Abigail Adams Facts

Abigail Adams Facts
Abigail Adams was the First Lady and wife of John Adams, the 2nd President of the United States who took office in 1797. She was also the mother John Quincy Adams, who would become the 6th United States President in 1825. She was born Abigail Smith on November 22nd, 1744, in Weymouth, Massachusetts Bay, to William Smith, a liberal Congregationalist minister, and Elizabeth Quincy Smith. Abigail had two sisters and a brother. Abigail and John were familiar with each other since childhood, and later when Abigail was a teenager their romance blossomed, resulting in their marriage in 1764. She would later become First Lady to the 2nd U.S. President, although they did not use the term 'First Lady' back then.
Interesting Abigail Adams Facts:
Abigail Adams was well educated in literature despite not attending school. She was known to read all the time as a teenager.
Abigail Adams and John Smith were third cousins. They knew each other as children, but it wasn't until a social gathering in 1762 that their romance blossomed.
Abigail and John courted for a few years and married in 1764. Abigail's father was a minister and performed the wedding ceremony.
Abigail and John had six children together including Abigail (1765), John Quincy (1767), Grace Susanna (1768), Charles (1770), Thomas Boylston (1772), and Elizabeth (1777) who was stillborn. Grace died as a toddler in 1770).
John Adams was often away from home, working in a busy law firm.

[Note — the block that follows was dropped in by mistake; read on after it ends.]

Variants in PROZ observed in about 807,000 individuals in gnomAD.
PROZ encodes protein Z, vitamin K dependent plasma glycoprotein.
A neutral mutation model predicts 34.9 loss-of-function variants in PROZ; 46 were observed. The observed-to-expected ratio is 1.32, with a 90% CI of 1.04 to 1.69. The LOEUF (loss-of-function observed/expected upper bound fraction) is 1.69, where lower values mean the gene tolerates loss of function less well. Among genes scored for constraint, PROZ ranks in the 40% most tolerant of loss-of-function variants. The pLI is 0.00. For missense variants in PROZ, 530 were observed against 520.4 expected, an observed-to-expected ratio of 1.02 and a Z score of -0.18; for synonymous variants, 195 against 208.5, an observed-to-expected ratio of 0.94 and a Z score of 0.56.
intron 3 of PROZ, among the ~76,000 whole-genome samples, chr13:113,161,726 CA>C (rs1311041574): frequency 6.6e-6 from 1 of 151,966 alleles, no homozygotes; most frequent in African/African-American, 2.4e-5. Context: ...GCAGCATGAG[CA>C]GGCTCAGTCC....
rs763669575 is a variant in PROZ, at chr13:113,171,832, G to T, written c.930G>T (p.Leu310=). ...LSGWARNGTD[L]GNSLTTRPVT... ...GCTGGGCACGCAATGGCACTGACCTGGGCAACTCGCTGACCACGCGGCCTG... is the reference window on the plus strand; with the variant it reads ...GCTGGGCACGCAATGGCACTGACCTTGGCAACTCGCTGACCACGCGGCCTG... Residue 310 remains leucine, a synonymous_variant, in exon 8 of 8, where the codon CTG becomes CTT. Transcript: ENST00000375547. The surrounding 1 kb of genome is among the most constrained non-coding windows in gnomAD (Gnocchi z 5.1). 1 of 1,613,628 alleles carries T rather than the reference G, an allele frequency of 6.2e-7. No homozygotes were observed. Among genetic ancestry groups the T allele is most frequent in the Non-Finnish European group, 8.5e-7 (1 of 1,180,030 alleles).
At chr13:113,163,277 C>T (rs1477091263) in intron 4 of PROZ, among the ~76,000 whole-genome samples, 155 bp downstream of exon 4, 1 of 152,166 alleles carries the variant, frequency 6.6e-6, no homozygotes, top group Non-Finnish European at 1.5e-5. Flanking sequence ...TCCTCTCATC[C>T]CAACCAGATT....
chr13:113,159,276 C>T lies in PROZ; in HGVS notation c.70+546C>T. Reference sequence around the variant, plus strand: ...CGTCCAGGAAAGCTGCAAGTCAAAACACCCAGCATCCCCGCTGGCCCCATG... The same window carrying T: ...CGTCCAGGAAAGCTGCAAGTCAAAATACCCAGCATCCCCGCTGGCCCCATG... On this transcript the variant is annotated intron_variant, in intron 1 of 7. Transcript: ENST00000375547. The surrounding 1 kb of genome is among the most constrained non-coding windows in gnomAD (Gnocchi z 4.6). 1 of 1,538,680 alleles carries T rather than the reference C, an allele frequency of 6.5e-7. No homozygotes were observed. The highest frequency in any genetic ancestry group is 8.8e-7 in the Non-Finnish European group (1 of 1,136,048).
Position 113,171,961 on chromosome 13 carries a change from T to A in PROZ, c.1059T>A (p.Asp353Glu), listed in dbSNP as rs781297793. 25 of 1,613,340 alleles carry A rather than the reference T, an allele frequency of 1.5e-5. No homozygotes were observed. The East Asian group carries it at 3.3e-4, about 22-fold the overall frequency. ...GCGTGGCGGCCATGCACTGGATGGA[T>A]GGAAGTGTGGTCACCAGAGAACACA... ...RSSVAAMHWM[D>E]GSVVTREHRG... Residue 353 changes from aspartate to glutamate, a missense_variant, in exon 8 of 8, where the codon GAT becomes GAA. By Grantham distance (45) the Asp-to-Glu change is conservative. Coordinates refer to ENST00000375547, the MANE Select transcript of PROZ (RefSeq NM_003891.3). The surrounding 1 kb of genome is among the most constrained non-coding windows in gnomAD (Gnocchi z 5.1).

As John became active in the American Revolution and the Revolutionary War, he spent more and more time away from home. This meant that Abigail was responsible for much of the child care.
While away due to work, John and Abigail wrote letters to maintain their relationship. Estimates put the number of letters they exchanged at more than 1100.
Abigail Adams was vocal about the treatment of women, and she pushed her husband to give women more power.
Abigail Adams is considered to have been an unofficial political advisor. Many of John's letters to Abigail were seeking her advice on matters.
Between 1785 and 1788 John Adams served as the first American minister to the Court of St. James in England.
When John Adams became Vice President Abigail spent part of her time at home on the farm and part of her time in the capital. She often helped Martha Washington, the First Lady, to entertain officials and dignitaries.
Abigail Adams was so close to John and he counted on her so much for advice that she gained the nickname 'Mrs. President'.
Despite their closeness and John's reliance on Abigail for advice they did not always agree.
John Adams served as the President from 1797 to 1801.
The Adams family only spent a short time in the White House before John was defeated in the election by Thomas Jefferson and the Adams moved back to their farm.
Abigail had suffered from health problems for many years prior to her death on October 28th, 1818, after suffering a stroke in that same month.


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